These light guards are relatively inexpensive, well made from metal and hot-dipped, plastic coated and come with all the fittings. They are quick and easy to fit, with the rears using the existing screws that hold the light cluster in. The fronts require you to drill three small holes into your grill for each and screw in the plastic cable P clips that hold the guard in place.

So, what do we think of them? They look quite good when installed, but care should be taken not to damage the protective plastic coating, as any crack will allow water in and they will soon rust and flake off the coating. So when fitting the rear set, take care with the supplied aluminium spacers, spending some time to deburr them and remove sharp edges. Don’t over tighten them and consider replacing your tail light screws with zinc coated or stainless steel. The fronts are easier as the P clips are plastic and there’s little risk of damage during installation.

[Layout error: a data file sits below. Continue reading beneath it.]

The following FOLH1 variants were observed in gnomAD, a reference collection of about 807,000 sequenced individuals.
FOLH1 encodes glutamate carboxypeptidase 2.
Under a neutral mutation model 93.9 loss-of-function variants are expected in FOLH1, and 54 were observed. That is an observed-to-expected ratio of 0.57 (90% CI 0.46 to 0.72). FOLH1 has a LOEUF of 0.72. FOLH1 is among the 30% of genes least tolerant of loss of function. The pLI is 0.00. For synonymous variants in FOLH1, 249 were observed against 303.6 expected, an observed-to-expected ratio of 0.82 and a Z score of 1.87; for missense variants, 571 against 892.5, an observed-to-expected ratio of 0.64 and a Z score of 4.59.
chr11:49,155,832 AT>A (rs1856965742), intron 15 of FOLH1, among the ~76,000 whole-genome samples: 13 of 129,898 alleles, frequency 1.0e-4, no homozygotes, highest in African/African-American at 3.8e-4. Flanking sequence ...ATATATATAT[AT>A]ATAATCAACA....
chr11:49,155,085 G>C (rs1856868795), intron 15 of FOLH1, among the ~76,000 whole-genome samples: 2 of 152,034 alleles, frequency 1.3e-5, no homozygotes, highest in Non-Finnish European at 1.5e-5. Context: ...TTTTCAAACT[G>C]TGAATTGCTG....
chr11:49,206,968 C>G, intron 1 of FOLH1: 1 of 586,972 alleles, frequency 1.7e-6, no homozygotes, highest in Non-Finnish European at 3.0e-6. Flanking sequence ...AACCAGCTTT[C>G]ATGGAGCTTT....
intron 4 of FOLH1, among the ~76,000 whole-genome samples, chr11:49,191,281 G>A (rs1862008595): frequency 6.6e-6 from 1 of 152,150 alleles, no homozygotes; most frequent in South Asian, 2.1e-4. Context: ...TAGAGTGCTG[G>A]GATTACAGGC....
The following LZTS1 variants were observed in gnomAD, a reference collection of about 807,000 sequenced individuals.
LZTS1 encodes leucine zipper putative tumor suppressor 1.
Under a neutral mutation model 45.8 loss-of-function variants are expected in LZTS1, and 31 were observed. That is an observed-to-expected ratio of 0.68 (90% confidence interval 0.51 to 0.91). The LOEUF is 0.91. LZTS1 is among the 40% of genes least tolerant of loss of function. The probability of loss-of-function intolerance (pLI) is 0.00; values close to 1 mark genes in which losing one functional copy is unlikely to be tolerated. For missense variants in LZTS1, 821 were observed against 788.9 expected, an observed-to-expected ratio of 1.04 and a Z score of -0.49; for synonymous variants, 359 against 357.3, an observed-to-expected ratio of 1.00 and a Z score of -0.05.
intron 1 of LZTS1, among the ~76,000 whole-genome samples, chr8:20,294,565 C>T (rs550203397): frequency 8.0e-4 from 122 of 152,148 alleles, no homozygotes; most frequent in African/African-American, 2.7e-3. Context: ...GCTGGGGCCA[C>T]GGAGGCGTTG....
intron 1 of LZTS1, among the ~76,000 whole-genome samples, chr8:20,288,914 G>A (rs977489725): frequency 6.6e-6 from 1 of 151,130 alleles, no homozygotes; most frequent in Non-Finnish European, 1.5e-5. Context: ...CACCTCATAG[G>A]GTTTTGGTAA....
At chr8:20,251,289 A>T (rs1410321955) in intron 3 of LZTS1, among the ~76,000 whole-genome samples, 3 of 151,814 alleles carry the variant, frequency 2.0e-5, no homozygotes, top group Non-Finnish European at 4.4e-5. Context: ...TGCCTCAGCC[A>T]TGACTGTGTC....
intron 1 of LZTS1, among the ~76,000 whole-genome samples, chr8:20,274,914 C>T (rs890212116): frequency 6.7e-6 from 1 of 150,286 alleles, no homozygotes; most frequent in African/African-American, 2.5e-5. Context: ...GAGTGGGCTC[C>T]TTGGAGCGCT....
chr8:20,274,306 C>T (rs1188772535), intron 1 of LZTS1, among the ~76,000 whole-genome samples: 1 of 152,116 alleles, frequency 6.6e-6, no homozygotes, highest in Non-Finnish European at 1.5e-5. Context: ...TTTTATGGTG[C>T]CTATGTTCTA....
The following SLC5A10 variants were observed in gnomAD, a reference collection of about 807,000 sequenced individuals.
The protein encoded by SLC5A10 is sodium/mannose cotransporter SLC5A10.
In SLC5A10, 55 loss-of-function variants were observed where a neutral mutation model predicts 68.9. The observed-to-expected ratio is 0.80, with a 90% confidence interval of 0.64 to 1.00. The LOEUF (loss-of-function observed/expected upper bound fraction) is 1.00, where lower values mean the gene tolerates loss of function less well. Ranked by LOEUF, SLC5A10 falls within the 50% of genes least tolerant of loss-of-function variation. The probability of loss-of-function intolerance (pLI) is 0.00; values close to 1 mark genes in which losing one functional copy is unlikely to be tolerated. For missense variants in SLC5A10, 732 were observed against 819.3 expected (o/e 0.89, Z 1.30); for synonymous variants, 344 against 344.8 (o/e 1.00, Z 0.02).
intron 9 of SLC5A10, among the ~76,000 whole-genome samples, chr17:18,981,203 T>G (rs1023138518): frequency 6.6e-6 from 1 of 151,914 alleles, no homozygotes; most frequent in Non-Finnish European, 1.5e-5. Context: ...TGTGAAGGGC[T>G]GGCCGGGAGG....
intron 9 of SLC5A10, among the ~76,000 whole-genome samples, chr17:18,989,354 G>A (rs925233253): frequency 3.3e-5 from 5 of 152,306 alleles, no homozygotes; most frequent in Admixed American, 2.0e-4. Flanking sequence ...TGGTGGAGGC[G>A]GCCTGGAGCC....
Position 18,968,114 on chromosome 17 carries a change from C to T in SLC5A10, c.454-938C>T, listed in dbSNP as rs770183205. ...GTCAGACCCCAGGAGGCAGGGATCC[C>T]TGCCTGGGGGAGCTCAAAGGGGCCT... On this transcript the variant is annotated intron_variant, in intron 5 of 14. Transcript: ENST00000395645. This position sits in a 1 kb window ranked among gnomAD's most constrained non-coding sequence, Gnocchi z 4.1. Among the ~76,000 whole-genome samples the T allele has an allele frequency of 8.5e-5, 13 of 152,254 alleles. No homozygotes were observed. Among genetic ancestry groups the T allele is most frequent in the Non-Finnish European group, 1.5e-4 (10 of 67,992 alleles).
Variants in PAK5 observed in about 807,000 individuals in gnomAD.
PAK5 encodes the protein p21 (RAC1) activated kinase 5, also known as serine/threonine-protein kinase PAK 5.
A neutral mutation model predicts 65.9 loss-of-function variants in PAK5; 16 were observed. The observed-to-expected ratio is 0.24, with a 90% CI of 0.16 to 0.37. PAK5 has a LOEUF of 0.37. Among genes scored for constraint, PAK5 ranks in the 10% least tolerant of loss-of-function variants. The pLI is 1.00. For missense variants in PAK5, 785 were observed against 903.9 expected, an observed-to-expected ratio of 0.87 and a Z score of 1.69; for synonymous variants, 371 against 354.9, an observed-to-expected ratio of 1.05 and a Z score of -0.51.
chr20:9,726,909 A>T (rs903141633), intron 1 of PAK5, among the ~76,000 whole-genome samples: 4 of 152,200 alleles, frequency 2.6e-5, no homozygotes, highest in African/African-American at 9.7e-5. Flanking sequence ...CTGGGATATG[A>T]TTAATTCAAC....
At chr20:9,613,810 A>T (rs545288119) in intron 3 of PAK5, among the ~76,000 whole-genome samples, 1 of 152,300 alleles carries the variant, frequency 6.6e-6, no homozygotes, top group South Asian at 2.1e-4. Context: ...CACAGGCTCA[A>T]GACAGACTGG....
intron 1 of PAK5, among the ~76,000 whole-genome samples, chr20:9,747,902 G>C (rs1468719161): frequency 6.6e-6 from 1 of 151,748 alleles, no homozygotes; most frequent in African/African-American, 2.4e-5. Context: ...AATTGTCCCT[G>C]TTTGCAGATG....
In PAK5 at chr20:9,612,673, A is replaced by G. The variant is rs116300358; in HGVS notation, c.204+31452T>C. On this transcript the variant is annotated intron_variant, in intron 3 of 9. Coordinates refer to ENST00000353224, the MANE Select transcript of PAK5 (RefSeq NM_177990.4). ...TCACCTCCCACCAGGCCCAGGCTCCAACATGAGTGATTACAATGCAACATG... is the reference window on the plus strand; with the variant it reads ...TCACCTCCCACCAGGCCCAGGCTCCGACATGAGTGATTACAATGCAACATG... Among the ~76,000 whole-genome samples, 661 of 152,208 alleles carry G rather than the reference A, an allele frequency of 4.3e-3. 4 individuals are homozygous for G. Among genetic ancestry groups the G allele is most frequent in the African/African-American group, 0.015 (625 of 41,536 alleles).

I would also recommend thoroughly checking them over after any off-roading and after green laning, especially where bushes have hit the light guards and act quickly to repair any damage. They will protect against small bushes and shrubs striking the lenses, but will not stop stones or bigger branches. To protect against stones they need an acrylic sheet over or behind them.

The main downside of them is the attachment method for the front guards. Because they attach to the plastic grill, they are only as strong as the grill and its attachment to the van. If they get snagged, there’s a high risk they will damage the grill.  I’d like them to fit to the metal work, although I can’t see how that would be achieved. In their current configuration and with the plastic coating they are quite light duty. If there was a heavy duty set available, which wrapped around and fitted to the bodywork, I’d fit those in preference.